Sep 27, 2013

Weapons & Warriors: The Cestus of the Romans

The Cestus is a deadly hand held melee weapon that was born from an ancient sport known as Boxing but was most popular in the Roman Coliseum. Boxing wasn’t invented by the Americans, British, Italians, or Irish, despite its popularity in those nations. It didn’t originate from Mexico or Russia either. In fact none of these countries existed when evidence of boxing was discovered from over 3,000 years ago in the Mesopotamia region.

The Cestus (Art by TL Jeffcoat)
Since this isn’t a history lesson on boxing, let’s get back to the Cestus. The Cestus is what the Greeks called the leather straps around their hands. When the Greeks first designed the Cestus, it was just leather. It was meant to soften the contact between an opponent’s face and the knuckles. This made boxing more of a sport than actual combat.

The Roman’s snatched the concept and went the complete opposite direction from safety. They fitted the leather straps with iron bands to make it easier to open someone’s skull or shatter ribs. It was easy to master which made it ideal for gladiators. You just punched like you would if you were boxing. This loop of iron strapped to the knuckles was eventually banned from the arena by 393 AD because a Cestus in hand to hand fighting was too bloody. Knowing what went on in the Coliseum, brawls with the Cestus must have been so bloody even the Godfather of Gore, Herschell Gordon Lewis, would be disgusted.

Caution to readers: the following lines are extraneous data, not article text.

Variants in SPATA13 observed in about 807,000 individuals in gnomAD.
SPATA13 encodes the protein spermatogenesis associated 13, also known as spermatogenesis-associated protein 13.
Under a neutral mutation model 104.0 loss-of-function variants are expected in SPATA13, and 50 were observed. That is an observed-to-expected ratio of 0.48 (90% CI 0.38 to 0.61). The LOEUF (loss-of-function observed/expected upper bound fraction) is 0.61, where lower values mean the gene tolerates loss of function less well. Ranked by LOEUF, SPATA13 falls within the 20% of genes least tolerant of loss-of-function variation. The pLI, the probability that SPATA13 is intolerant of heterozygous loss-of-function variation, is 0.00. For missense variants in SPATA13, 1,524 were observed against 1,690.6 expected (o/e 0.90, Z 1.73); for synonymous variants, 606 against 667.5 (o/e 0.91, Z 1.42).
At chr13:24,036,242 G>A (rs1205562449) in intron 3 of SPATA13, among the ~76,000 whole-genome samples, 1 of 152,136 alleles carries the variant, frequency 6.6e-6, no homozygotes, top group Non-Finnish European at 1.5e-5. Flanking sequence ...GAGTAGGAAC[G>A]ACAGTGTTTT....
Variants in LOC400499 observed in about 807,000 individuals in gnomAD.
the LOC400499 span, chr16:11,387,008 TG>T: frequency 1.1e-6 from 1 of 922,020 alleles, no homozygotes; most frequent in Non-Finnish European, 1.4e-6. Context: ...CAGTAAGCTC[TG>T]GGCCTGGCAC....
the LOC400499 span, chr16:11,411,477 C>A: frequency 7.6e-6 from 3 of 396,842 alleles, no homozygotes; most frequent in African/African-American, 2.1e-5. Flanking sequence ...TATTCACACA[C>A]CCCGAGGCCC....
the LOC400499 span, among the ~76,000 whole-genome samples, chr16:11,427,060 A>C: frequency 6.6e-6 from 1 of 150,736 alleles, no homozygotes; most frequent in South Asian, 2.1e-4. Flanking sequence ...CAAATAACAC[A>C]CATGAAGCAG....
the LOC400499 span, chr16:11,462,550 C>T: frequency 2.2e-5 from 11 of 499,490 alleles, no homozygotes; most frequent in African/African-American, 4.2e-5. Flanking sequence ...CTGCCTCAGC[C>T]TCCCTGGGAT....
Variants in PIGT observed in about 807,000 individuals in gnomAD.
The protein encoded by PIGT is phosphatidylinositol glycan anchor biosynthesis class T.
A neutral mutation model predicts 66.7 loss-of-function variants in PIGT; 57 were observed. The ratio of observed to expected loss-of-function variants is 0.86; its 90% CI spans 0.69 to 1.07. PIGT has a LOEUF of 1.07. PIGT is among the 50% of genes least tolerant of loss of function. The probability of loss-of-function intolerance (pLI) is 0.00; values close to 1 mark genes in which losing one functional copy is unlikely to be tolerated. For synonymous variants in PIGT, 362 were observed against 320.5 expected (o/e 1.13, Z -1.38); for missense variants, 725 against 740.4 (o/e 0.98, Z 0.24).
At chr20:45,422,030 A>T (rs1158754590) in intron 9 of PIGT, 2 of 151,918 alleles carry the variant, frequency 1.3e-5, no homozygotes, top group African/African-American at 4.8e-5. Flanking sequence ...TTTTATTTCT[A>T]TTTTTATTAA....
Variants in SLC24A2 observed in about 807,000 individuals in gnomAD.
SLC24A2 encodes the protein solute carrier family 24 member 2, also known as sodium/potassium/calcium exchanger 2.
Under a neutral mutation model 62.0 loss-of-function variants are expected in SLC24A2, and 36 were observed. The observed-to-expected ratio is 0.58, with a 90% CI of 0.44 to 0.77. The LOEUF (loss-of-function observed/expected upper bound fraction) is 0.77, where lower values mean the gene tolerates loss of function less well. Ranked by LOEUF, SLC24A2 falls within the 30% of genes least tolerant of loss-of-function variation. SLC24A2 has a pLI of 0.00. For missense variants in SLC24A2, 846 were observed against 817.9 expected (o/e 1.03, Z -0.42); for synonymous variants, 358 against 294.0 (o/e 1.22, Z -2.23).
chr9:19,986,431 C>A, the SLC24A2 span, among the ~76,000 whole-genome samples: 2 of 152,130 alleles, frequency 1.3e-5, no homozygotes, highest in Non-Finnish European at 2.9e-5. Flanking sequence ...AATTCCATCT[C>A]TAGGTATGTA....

There isn’t much more to the Cestus than this, it was pretty straight forward. It was light enough to conceal and heavy enough to make brass knuckles feel like you were slapped by a foam finger in comparison. There was a story about a Greek boxer killing a full grown bull with a Cestus. The story claimed he only hit it once. At first you might say, “No way.” But remember the Greeks obsession with the perfect body. These men were supreme athletes and a Cestus in the hands of possibly one of the strongest men alive could probably crush any skull, no matter how thick.

To further reinforce the possibility of such astounding power, guys like Mike Tyson and Brock Lesnar have been measured to strike heavy bags with bare fists at around 1,000 pounds of pressure. That alone would fracture a normal human skull with one strike. These men are obviously subjects of a more advanced physical training and nutrition plan, but the Greeks weren’t that far behind other than not have fancy equipment and supplements. They exercised and trained every day. That was their job as boxers.

Nowadays the modern boxer uses a heavily padded glove. Which is great, because if guys like Mike Tyson had worn the Cestus, he wouldn’t have a crazy KO record, he’d have a body count with fights lasting half the time, if that was even possible.

I hope you enjoyed this edition of Weapons and Warriors, click here to view the entire catalog of weapons and cultures. Thank you, see you next week.

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